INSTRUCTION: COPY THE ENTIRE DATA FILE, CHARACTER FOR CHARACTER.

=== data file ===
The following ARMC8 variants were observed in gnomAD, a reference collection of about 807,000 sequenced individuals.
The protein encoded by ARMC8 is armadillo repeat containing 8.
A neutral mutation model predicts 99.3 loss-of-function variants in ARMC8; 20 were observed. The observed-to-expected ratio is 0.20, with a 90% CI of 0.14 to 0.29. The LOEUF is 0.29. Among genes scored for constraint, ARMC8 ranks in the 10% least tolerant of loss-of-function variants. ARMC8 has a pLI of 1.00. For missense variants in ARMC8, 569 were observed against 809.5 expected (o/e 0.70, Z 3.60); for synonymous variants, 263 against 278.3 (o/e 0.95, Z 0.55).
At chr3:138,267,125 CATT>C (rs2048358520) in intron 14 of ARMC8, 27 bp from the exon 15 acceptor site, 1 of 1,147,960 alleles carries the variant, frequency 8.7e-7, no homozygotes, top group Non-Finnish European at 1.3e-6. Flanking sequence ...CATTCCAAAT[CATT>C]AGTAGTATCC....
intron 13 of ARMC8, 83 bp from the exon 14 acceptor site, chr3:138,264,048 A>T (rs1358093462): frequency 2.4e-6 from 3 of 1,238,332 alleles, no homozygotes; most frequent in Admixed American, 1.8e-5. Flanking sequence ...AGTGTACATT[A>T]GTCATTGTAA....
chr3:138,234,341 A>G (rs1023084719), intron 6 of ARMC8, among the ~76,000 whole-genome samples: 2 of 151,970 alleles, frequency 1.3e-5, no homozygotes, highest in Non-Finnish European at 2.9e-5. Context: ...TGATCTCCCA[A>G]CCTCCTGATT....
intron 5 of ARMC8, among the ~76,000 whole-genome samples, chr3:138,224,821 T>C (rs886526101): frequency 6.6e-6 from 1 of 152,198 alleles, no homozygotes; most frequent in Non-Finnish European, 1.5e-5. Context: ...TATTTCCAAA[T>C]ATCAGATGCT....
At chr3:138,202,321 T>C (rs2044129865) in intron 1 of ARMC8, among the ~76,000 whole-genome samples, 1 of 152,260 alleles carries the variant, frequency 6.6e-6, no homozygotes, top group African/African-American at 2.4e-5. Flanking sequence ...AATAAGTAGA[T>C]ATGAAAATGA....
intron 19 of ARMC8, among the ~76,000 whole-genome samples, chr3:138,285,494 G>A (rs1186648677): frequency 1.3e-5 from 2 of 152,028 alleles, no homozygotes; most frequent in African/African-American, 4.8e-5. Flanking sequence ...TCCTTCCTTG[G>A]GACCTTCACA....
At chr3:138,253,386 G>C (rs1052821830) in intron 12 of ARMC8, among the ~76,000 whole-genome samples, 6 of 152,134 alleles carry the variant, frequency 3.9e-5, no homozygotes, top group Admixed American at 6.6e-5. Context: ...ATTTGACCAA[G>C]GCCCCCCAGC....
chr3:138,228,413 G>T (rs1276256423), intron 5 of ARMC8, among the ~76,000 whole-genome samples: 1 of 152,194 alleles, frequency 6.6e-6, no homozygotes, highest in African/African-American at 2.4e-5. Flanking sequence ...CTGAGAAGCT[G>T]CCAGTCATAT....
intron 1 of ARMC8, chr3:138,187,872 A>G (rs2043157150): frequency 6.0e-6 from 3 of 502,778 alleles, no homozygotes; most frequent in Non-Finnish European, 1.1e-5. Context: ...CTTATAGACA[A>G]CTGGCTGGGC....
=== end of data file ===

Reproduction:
The following ARMC8 variants were observed in gnomAD, a reference collection of about 807,000 sequenced individuals.
The protein encoded by ARMC8 is armadillo repeat containing 8.
A neutral mutation model predicts 99.3 loss-of-function variants in ARMC8; 20 were observed. The observed-to-expected ratio is 0.20, with a 90% CI of 0.14 to 0.29. The LOEUF is 0.29. Among genes scored for constraint, ARMC8 ranks in the 10% least tolerant of loss-of-function variants. ARMC8 has a pLI of 1.00. For missense variants in ARMC8, 569 were observed against 809.5 expected (o/e 0.70, Z 3.60); for synonymous variants, 263 against 278.3 (o/e 0.95, Z 0.55).
At chr3:138,267,125 CATT>C (rs2048358520) in intron 14 of ARMC8, 27 bp from the exon 15 acceptor site, 1 of 1,147,960 alleles carries the variant, frequency 8.7e-7, no homozygotes, top group Non-Finnish European at 1.3e-6. Flanking sequence ...CATTCCAAAT[CATT>C]AGTAGTATCC....
intron 13 of ARMC8, 83 bp from the exon 14 acceptor site, chr3:138,264,048 A>T (rs1358093462): frequency 2.4e-6 from 3 of 1,238,332 alleles, no homozygotes; most frequent in Admixed American, 1.8e-5. Flanking sequence ...AGTGTACATT[A>T]GTCATTGTAA....
chr3:138,234,341 A>G (rs1023084719), intron 6 of ARMC8, among the ~76,000 whole-genome samples: 2 of 151,970 alleles, frequency 1.3e-5, no homozygotes, highest in Non-Finnish European at 2.9e-5. Context: ...TGATCTCCCA[A>G]CCTCCTGATT....
intron 5 of ARMC8, among the ~76,000 whole-genome samples, chr3:138,224,821 T>C (rs886526101): frequency 6.6e-6 from 1 of 152,198 alleles, no homozygotes; most frequent in Non-Finnish European, 1.5e-5. Context: ...TATTTCCAAA[T>C]ATCAGATGCT....
At chr3:138,202,321 T>C (rs2044129865) in intron 1 of ARMC8, among the ~76,000 whole-genome samples, 1 of 152,260 alleles carries the variant, frequency 6.6e-6, no homozygotes, top group African/African-American at 2.4e-5. Flanking sequence ...AATAAGTAGA[T>C]ATGAAAATGA....
intron 19 of ARMC8, among the ~76,000 whole-genome samples, chr3:138,285,494 G>A (rs1186648677): frequency 1.3e-5 from 2 of 152,028 alleles, no homozygotes; most frequent in African/African-American, 4.8e-5. Flanking sequence ...TCCTTCCTTG[G>A]GACCTTCACA....
At chr3:138,253,386 G>C (rs1052821830) in intron 12 of ARMC8, among the ~76,000 whole-genome samples, 6 of 152,134 alleles carry the variant, frequency 3.9e-5, no homozygotes, top group Admixed American at 6.6e-5. Context: ...ATTTGACCAA[G>C]GCCCCCCAGC....
chr3:138,228,413 G>T (rs1276256423), intron 5 of ARMC8, among the ~76,000 whole-genome samples: 1 of 152,194 alleles, frequency 6.6e-6, no homozygotes, highest in African/African-American at 2.4e-5. Flanking sequence ...CTGAGAAGCT[G>T]CCAGTCATAT....
intron 1 of ARMC8, chr3:138,187,872 A>G (rs2043157150): frequency 6.0e-6 from 3 of 502,778 alleles, no homozygotes; most frequent in Non-Finnish European, 1.1e-5. Context: ...CTTATAGACA[A>G]CTGGCTGGGC....